A family judge has powerfully criticised the ‘terrible national shortage’ of secure children’s homes after no suitable placement could be found for a dangerous 15-year-old boy with an appalling history of violence and sex attacks on women.
Describing the disturbed teenager’s criminal record as ‘terrifying’, the judge said that he ‘abundantly satisfied’ the criteria for the making of a secure accommodation order. However, there were only 60 secure welfare placements available for dangerous children nationwide and social workers had been unable to find an appropriate home for him despite working around the clock.
Following his release from his most recent custodial sentence, he had to be placed in an ordinary home with six other children. The local authority had laid on three extra staff to keep watch over him, but that had not stopped him absconding and staying out until the early hours. He had admitted using cannabis – to which he had been addicted since the age of ten – during his nocturnal absence.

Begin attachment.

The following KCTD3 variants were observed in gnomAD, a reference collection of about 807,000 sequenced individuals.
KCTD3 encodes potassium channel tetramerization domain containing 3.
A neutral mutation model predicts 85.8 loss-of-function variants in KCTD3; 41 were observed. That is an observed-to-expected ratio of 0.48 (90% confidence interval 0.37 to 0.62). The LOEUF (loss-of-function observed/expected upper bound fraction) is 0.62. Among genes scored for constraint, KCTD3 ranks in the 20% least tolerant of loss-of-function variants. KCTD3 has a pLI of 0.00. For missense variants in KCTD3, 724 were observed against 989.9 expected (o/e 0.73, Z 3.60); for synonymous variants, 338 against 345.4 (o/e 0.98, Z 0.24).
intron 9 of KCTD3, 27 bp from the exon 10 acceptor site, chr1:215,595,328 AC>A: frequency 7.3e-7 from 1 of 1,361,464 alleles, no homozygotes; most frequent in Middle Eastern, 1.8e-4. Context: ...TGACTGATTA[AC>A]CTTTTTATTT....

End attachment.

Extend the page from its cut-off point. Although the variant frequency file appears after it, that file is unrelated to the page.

The judge observed, “I simply outline the facts which amount to a terrible national shortage of secure placements for children and young people who are a danger to themselves and to others. The reason why I have delivered this judgment and propose to authorise its publication is because this case demonstrates a gross shortage of resource. The shortage necessarily creates a lack of protection for the public and for the dangerous young person or child.”